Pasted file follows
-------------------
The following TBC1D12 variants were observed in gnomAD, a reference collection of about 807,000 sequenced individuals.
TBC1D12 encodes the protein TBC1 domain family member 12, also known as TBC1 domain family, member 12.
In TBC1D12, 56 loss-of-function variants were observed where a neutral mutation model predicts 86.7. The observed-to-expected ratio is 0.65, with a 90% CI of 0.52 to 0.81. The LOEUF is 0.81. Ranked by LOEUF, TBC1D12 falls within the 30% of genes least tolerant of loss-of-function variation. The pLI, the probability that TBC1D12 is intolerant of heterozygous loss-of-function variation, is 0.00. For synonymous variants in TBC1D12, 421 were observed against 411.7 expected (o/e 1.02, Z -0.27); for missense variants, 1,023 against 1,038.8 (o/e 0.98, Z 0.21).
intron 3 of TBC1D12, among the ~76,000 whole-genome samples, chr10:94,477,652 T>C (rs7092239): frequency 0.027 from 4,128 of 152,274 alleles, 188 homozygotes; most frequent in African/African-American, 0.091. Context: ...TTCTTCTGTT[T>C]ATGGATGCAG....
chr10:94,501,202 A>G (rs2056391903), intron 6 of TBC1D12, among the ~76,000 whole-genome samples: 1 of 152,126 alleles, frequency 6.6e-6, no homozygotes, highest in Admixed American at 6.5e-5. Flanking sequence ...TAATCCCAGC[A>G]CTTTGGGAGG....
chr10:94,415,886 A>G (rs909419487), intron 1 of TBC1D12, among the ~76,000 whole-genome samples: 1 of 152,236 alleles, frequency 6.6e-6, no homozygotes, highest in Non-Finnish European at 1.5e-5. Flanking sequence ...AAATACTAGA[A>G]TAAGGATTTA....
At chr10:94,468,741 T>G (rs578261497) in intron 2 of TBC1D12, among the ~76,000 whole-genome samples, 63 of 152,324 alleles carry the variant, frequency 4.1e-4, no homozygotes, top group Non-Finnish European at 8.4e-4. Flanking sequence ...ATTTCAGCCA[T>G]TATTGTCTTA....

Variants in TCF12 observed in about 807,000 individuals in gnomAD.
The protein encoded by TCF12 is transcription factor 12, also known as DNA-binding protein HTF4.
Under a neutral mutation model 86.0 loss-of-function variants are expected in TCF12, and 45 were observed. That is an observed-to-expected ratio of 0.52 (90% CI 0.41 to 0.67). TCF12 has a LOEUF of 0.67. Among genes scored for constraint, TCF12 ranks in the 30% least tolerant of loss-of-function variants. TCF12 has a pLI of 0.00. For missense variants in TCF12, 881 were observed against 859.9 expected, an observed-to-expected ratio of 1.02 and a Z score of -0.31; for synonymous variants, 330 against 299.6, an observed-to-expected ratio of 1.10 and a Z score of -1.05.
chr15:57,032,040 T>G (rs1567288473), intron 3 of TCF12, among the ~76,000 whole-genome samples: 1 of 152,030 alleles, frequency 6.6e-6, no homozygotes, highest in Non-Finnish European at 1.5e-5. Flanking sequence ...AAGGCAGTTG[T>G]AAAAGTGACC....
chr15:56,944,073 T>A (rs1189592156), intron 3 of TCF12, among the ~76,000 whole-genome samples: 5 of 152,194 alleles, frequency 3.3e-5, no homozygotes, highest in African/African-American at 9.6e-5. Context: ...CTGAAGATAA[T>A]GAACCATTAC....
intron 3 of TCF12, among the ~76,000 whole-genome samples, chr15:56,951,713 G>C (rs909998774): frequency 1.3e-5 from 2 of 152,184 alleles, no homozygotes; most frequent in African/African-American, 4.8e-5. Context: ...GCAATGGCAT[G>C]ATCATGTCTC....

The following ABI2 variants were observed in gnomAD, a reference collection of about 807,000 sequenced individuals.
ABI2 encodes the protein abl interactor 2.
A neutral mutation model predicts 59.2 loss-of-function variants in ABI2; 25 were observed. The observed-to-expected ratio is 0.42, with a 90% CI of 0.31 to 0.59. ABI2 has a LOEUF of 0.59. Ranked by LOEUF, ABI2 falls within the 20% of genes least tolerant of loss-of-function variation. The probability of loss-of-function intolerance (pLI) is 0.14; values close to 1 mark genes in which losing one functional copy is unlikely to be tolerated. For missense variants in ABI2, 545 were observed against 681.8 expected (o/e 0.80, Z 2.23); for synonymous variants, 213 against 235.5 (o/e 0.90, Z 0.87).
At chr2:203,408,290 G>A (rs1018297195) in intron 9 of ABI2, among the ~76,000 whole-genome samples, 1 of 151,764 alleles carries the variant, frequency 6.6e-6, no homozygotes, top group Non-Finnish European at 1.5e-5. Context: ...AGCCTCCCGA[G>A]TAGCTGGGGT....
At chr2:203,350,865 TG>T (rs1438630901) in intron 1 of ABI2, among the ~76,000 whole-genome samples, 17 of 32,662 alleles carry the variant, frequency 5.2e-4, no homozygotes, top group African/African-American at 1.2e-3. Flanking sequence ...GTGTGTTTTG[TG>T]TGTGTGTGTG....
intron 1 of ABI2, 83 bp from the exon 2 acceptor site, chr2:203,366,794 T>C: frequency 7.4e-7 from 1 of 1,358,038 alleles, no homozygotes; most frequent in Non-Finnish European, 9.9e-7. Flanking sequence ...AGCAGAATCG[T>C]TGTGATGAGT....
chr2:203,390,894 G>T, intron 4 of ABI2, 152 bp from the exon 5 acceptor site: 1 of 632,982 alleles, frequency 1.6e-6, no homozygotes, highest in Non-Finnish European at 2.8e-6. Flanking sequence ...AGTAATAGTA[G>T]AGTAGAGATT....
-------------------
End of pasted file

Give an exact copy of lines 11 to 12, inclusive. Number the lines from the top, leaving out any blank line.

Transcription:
chr15:57,032,040 T>G (rs1567288473), intron 3 of TCF12, among the ~76,000 whole-genome samples: 1 of 152,030 alleles, frequency 6.6e-6, no homozygotes, highest in Non-Finnish European at 1.5e-5. Flanking sequence ...AAGGCAGTTG[T>G]AAAAGTGACC....
chr15:56,944,073 T>A (rs1189592156), intron 3 of TCF12, among the ~76,000 whole-genome samples: 5 of 152,194 alleles, frequency 3.3e-5, no homozygotes, highest in African/African-American at 9.6e-5. Context: ...CTGAAGATAA[T>A]GAACCATTAC....